The application of LCA methodology allowed the sustainability assessment of coffee brewing methods, thus highlighting lower environmental impact for the industrial coffee machine compared to the capsule brewing method, which showed the highest environmental burden in 14 out of 18 impact categories analyzed. However, the LCA study presents limitations, since the coffee cultivation and production stages were not considered for the sustainability assessment, in a cradle-to-grave approach. For this reason, future studies will have to expand the boundaries of the system, also considering the disposal and reuse of processing by-products. In addition, different coffee preparation techniques (e.g., Turkish, French, American brewing techniques, etc.) can be compared to highlight the most efficient one in terms of both the quality and sustainability of the final coffee beverage.

Author Contributions

Conceptualization, G.V. and L.G.; methodology, L.M. and S.A.P.; software, L.M. and S.A.P.; validation, G.V. and L.G.; formal analysis, L.M. and S.A.P.; investigation, G.V., L.M. and S.A.P.; resources, L.G. and G.V.; data curation, G.V., L.M. and S.A.P.; writing—original draft preparation, L.M. and S.A.P.; writing—review and editing, G.V. and L.G.; visualization, G.V., L.G., L.M. and S.A.P.; supervision, G.V. and L.G.; project administration, L.G.; funding acquisition, G.V. and L.G. All authors have read and agreed to the published version of the manuscript.


This research received no external funding.

Data Availability Statement

Data can be accessible upon request to the corresponding author ([email protected]).

Conflicts of Interest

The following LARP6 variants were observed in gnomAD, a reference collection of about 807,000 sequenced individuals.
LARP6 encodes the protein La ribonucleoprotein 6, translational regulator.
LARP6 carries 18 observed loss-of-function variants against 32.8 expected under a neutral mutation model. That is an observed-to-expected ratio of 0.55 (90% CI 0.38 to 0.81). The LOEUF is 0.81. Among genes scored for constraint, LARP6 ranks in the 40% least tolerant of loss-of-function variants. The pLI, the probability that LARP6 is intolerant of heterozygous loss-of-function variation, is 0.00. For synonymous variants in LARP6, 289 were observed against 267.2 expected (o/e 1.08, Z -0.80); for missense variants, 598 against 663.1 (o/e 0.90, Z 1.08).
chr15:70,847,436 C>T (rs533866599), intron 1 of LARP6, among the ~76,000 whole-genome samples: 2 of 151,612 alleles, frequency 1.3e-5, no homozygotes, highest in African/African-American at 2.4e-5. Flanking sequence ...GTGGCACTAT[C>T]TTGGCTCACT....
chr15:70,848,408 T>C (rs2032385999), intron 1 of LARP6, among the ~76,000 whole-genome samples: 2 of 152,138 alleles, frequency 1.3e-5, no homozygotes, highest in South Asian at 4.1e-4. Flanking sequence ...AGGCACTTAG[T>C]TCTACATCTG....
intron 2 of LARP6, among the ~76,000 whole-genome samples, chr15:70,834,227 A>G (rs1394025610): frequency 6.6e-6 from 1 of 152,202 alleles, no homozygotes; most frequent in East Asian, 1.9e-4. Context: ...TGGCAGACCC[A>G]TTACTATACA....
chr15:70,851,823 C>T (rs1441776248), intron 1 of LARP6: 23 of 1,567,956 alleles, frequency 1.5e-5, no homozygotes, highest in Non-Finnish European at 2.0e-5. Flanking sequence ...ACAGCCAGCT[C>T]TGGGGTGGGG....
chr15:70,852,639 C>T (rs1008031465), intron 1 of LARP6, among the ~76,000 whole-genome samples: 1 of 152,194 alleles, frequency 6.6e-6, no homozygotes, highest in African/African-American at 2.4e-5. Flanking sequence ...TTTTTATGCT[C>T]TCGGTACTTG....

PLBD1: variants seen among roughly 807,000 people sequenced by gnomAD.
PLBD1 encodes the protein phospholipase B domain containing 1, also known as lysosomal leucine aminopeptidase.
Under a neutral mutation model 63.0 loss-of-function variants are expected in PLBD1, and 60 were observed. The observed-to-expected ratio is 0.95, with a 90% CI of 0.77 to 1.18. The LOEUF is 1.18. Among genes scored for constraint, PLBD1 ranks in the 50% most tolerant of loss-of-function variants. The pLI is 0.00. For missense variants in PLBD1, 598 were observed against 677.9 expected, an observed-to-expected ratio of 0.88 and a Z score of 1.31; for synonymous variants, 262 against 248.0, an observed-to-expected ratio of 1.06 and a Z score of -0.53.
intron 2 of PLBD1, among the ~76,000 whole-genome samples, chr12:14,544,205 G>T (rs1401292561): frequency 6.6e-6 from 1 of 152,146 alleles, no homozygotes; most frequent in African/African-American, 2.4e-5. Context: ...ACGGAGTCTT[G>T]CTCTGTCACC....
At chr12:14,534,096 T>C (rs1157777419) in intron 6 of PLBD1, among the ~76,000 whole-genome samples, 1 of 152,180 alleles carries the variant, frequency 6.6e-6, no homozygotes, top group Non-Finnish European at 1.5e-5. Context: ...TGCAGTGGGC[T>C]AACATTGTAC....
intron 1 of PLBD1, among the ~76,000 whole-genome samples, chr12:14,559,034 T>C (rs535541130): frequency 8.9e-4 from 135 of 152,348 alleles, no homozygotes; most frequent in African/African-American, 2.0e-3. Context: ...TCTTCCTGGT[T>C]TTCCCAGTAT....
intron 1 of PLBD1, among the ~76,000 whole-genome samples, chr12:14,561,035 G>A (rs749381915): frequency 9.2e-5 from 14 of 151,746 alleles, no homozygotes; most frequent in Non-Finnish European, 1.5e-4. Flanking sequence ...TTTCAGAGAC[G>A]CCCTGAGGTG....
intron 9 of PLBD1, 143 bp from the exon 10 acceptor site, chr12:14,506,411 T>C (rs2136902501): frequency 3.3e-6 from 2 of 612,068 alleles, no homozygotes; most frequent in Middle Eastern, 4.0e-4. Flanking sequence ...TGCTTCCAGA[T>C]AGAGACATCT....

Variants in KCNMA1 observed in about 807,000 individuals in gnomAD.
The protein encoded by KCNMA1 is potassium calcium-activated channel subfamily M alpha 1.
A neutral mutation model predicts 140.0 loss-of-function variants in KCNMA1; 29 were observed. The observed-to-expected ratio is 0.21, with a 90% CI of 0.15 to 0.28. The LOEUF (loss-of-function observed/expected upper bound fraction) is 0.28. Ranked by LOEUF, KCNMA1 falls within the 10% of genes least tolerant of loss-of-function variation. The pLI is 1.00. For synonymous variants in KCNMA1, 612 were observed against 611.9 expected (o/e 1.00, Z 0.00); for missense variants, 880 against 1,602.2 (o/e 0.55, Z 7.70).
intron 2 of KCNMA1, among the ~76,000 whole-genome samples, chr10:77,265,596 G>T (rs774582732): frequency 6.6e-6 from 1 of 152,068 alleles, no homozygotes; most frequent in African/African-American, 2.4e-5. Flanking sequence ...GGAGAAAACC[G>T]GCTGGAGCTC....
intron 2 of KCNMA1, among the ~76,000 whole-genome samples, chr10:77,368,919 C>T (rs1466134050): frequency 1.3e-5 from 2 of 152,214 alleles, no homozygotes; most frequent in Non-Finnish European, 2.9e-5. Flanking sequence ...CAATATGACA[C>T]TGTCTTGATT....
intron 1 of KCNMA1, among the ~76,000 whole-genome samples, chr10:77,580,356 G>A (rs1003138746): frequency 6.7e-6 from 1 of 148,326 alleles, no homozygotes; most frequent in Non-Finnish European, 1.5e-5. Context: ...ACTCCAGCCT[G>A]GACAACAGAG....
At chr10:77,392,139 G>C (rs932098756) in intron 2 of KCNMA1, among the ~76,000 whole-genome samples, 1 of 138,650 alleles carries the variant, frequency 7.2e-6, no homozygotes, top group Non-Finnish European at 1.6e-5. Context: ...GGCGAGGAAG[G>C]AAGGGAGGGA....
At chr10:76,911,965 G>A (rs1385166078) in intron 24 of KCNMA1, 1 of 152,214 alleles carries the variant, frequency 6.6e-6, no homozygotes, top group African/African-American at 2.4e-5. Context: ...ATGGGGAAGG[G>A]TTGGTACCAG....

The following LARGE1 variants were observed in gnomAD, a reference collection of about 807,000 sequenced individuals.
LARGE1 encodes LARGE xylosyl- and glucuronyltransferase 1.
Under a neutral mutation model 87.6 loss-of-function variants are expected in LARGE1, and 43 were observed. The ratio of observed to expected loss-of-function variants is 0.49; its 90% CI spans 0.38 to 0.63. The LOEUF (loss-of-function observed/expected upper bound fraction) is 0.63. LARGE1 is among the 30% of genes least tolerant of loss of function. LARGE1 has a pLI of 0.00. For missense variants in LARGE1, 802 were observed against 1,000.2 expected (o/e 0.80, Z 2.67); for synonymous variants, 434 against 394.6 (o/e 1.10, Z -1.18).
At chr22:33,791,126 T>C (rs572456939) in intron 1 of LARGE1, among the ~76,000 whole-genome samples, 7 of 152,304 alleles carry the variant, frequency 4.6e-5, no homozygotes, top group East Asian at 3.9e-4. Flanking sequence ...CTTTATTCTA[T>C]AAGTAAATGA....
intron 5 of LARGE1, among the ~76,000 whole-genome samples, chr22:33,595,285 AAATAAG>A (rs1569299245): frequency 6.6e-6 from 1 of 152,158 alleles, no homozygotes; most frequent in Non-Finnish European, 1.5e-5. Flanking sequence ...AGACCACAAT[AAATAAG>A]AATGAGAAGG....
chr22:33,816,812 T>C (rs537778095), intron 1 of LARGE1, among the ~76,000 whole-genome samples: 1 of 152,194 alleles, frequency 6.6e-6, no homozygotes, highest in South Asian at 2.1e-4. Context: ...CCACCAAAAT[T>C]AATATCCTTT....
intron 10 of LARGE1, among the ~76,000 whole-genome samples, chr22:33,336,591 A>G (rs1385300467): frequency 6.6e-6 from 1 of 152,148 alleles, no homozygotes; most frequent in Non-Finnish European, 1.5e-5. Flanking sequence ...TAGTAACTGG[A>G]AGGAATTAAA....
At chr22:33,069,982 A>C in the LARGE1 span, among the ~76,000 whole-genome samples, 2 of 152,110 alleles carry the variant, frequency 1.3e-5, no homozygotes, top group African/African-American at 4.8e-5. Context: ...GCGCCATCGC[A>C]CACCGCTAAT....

The authors declare no conflict of interest.


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Figure 1. Scheme of quality and sustainability assessment of coffee brewing methods.
Figure 1. Scheme of quality and sustainability assessment of coffee brewing methods.
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Figure 2. Scatter Plot of the main components (PC1 vs. PC2) of ground coffee (orange), and infused coffee (green) samples.
Figure 2. Scatter Plot of the main components (PC1 vs. PC2) of ground coffee (orange), and infused coffee (green) samples.
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Figure 3. Scatter Plot of the main components (PC1 vs. PC2) of coffee infusion obtained with different brews techniques.
Figure 3. Scatter Plot of the main components (PC1 vs. PC2) of coffee infusion obtained with different brews techniques.
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Figure 4. Characterized results for environmental impacts of coffee brewing methods.
Figure 4. Characterized results for environmental impacts of coffee brewing methods.
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Table 1. Extraction conditions for different coffee brewing techniques.
Table 1. Extraction conditions for different coffee brewing techniques.
Extraction ConditionCoffee Powder Weight (g)Water Volume (mL)Pressure (Pa)Time (s)Temperature (°C)
Moka52510 × 10530095
Espresso Professional72518 × 1052596
Espresso Pods7.52018 × 1053090
Espresso Capsules5.52015 × 1053090
Table 2. Inventory data for different coffee beverage brewing methods. All data referred to a 40-mL cup of coffee beverage (FU).
Table 2. Inventory data for different coffee beverage brewing methods. All data referred to a 40-mL cup of coffee beverage (FU).
INPUTSCoffee Brewing Methods
UnitCoffee MokaCoffee BarCoffee CapsuleCoffee Pod
Roasted and ground coffeeg8.
Water for preparationg10010054.0840.3
Primary packaging
Low-density polyethylene (LDPE)g0.3520.493--
Paper filtersg-- 2.47
Poly-laminated bag (PE-Al-PP)g--2.01
1 cup of coffee beveragemL40404040
Table 3. Biogenic amines amount (µg/g of coffee powder) ± standard deviation (SD) in ground coffee and brewed coffee samples.
Table 3. Biogenic amines amount (µg/g of coffee powder) ± standard deviation (SD) in ground coffee and brewed coffee samples.
SamplesBiogenic Amines (µg/g of Coffee Powder)BAs Tot BAQI
Bar 171.77 ± 1.02 c8.97 ± 0.23 b0.33 ± 0.07 a2.78 ± 0.23 bndnd0.72 ± 0.09 b0.74 ± 0.12 a84.591.26